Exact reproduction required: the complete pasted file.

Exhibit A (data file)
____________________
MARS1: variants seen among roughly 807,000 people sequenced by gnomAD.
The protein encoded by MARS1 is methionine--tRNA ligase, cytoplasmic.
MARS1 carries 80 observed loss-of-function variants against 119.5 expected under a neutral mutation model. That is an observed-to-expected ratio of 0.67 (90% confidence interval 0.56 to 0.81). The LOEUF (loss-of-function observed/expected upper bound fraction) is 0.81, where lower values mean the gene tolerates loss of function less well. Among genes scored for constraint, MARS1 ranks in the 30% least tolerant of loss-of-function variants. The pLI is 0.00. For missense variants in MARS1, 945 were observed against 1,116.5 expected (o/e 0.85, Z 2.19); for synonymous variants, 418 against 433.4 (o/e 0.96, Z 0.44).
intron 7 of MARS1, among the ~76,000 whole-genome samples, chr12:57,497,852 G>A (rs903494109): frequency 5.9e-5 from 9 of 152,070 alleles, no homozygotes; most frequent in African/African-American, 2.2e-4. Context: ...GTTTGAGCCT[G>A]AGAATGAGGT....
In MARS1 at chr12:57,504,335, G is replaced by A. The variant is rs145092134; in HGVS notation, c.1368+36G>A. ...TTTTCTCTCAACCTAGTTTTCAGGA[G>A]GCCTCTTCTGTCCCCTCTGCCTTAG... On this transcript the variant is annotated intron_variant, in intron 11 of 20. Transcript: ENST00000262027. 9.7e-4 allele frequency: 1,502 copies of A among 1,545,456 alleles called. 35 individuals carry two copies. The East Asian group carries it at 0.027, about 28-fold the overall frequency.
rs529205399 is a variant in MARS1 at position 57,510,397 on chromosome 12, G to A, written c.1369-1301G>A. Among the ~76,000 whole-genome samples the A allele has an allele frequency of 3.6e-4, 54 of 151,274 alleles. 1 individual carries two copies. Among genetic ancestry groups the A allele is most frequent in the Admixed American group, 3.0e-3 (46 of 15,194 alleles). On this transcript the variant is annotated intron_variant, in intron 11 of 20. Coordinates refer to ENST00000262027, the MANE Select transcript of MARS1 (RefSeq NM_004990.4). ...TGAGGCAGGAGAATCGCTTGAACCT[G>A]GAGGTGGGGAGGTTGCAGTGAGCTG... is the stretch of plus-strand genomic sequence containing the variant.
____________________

MARS1: variants seen among roughly 807,000 people sequenced by gnomAD.
The protein encoded by MARS1 is methionine--tRNA ligase, cytoplasmic.
MARS1 carries 80 observed loss-of-function variants against 119.5 expected under a neutral mutation model. That is an observed-to-expected ratio of 0.67 (90% confidence interval 0.56 to 0.81). The LOEUF (loss-of-function observed/expected upper bound fraction) is 0.81, where lower values mean the gene tolerates loss of function less well. Among genes scored for constraint, MARS1 ranks in the 30% least tolerant of loss-of-function variants. The pLI is 0.00. For missense variants in MARS1, 945 were observed against 1,116.5 expected (o/e 0.85, Z 2.19); for synonymous variants, 418 against 433.4 (o/e 0.96, Z 0.44).
intron 7 of MARS1, among the ~76,000 whole-genome samples, chr12:57,497,852 G>A (rs903494109): frequency 5.9e-5 from 9 of 152,070 alleles, no homozygotes; most frequent in African/African-American, 2.2e-4. Context: ...GTTTGAGCCT[G>A]AGAATGAGGT....
In MARS1 at chr12:57,504,335, G is replaced by A. The variant is rs145092134; in HGVS notation, c.1368+36G>A. ...TTTTCTCTCAACCTAGTTTTCAGGA[G>A]GCCTCTTCTGTCCCCTCTGCCTTAG... On this transcript the variant is annotated intron_variant, in intron 11 of 20. Transcript: ENST00000262027. 9.7e-4 allele frequency: 1,502 copies of A among 1,545,456 alleles called. 35 individuals carry two copies. The East Asian group carries it at 0.027, about 28-fold the overall frequency.
rs529205399 is a variant in MARS1 at position 57,510,397 on chromosome 12, G to A, written c.1369-1301G>A. Among the ~76,000 whole-genome samples the A allele has an allele frequency of 3.6e-4, 54 of 151,274 alleles. 1 individual carries two copies. Among genetic ancestry groups the A allele is most frequent in the Admixed American group, 3.0e-3 (46 of 15,194 alleles). On this transcript the variant is annotated intron_variant, in intron 11 of 20. Coordinates refer to ENST00000262027, the MANE Select transcript of MARS1 (RefSeq NM_004990.4). ...TGAGGCAGGAGAATCGCTTGAACCT[G>A]GAGGTGGGGAGGTTGCAGTGAGCTG... is the stretch of plus-strand genomic sequence containing the variant.